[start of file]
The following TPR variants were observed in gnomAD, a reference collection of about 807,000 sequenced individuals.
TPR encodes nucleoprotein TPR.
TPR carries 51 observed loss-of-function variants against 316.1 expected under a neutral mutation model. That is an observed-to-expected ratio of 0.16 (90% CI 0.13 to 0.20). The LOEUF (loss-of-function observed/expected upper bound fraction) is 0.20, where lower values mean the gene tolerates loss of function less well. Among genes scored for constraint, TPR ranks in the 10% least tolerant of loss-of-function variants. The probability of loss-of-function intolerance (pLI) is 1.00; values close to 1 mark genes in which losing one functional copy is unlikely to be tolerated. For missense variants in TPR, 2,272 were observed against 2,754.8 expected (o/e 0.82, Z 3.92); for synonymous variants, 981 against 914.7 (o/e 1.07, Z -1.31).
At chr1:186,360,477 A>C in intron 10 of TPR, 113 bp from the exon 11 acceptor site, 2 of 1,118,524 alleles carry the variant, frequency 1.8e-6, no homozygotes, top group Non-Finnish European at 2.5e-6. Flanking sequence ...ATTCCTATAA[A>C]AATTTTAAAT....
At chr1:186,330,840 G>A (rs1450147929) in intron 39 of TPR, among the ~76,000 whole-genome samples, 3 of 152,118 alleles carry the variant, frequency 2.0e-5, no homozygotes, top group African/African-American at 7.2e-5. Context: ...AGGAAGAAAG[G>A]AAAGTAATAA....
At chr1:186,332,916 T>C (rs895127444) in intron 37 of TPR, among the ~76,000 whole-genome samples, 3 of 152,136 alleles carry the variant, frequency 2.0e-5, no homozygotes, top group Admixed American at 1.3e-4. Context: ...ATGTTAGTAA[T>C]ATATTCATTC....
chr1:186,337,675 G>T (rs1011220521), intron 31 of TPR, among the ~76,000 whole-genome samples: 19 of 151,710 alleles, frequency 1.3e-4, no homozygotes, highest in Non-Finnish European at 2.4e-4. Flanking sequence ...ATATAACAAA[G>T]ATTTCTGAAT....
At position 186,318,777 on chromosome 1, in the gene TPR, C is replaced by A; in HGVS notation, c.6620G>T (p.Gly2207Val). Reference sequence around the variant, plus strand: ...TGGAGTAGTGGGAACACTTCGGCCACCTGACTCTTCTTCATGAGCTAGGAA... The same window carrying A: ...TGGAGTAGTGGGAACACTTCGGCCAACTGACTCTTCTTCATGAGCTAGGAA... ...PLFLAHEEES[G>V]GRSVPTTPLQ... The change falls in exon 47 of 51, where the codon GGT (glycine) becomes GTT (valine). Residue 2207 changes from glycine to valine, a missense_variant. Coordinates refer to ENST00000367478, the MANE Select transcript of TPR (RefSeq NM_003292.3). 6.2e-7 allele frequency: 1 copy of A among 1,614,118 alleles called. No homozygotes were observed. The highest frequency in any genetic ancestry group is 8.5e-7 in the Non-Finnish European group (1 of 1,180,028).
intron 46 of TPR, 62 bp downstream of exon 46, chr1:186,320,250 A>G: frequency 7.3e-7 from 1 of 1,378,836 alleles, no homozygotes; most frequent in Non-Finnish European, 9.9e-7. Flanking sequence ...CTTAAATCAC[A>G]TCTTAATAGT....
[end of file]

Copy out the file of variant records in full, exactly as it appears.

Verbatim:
The following TPR variants were observed in gnomAD, a reference collection of about 807,000 sequenced individuals.
TPR encodes nucleoprotein TPR.
TPR carries 51 observed loss-of-function variants against 316.1 expected under a neutral mutation model. That is an observed-to-expected ratio of 0.16 (90% CI 0.13 to 0.20). The LOEUF (loss-of-function observed/expected upper bound fraction) is 0.20, where lower values mean the gene tolerates loss of function less well. Among genes scored for constraint, TPR ranks in the 10% least tolerant of loss-of-function variants. The probability of loss-of-function intolerance (pLI) is 1.00; values close to 1 mark genes in which losing one functional copy is unlikely to be tolerated. For missense variants in TPR, 2,272 were observed against 2,754.8 expected (o/e 0.82, Z 3.92); for synonymous variants, 981 against 914.7 (o/e 1.07, Z -1.31).
At chr1:186,360,477 A>C in intron 10 of TPR, 113 bp from the exon 11 acceptor site, 2 of 1,118,524 alleles carry the variant, frequency 1.8e-6, no homozygotes, top group Non-Finnish European at 2.5e-6. Flanking sequence ...ATTCCTATAA[A>C]AATTTTAAAT....
At chr1:186,330,840 G>A (rs1450147929) in intron 39 of TPR, among the ~76,000 whole-genome samples, 3 of 152,118 alleles carry the variant, frequency 2.0e-5, no homozygotes, top group African/African-American at 7.2e-5. Context: ...AGGAAGAAAG[G>A]AAAGTAATAA....
At chr1:186,332,916 T>C (rs895127444) in intron 37 of TPR, among the ~76,000 whole-genome samples, 3 of 152,136 alleles carry the variant, frequency 2.0e-5, no homozygotes, top group Admixed American at 1.3e-4. Context: ...ATGTTAGTAA[T>C]ATATTCATTC....
chr1:186,337,675 G>T (rs1011220521), intron 31 of TPR, among the ~76,000 whole-genome samples: 19 of 151,710 alleles, frequency 1.3e-4, no homozygotes, highest in Non-Finnish European at 2.4e-4. Flanking sequence ...ATATAACAAA[G>T]ATTTCTGAAT....
At position 186,318,777 on chromosome 1, in the gene TPR, C is replaced by A; in HGVS notation, c.6620G>T (p.Gly2207Val). Reference sequence around the variant, plus strand: ...TGGAGTAGTGGGAACACTTCGGCCACCTGACTCTTCTTCATGAGCTAGGAA... The same window carrying A: ...TGGAGTAGTGGGAACACTTCGGCCAACTGACTCTTCTTCATGAGCTAGGAA... ...PLFLAHEEES[G>V]GRSVPTTPLQ... The change falls in exon 47 of 51, where the codon GGT (glycine) becomes GTT (valine). Residue 2207 changes from glycine to valine, a missense_variant. Coordinates refer to ENST00000367478, the MANE Select transcript of TPR (RefSeq NM_003292.3). 6.2e-7 allele frequency: 1 copy of A among 1,614,118 alleles called. No homozygotes were observed. The highest frequency in any genetic ancestry group is 8.5e-7 in the Non-Finnish European group (1 of 1,180,028).
intron 46 of TPR, 62 bp downstream of exon 46, chr1:186,320,250 A>G: frequency 7.3e-7 from 1 of 1,378,836 alleles, no homozygotes; most frequent in Non-Finnish European, 9.9e-7. Flanking sequence ...CTTAAATCAC[A>G]TCTTAATAGT....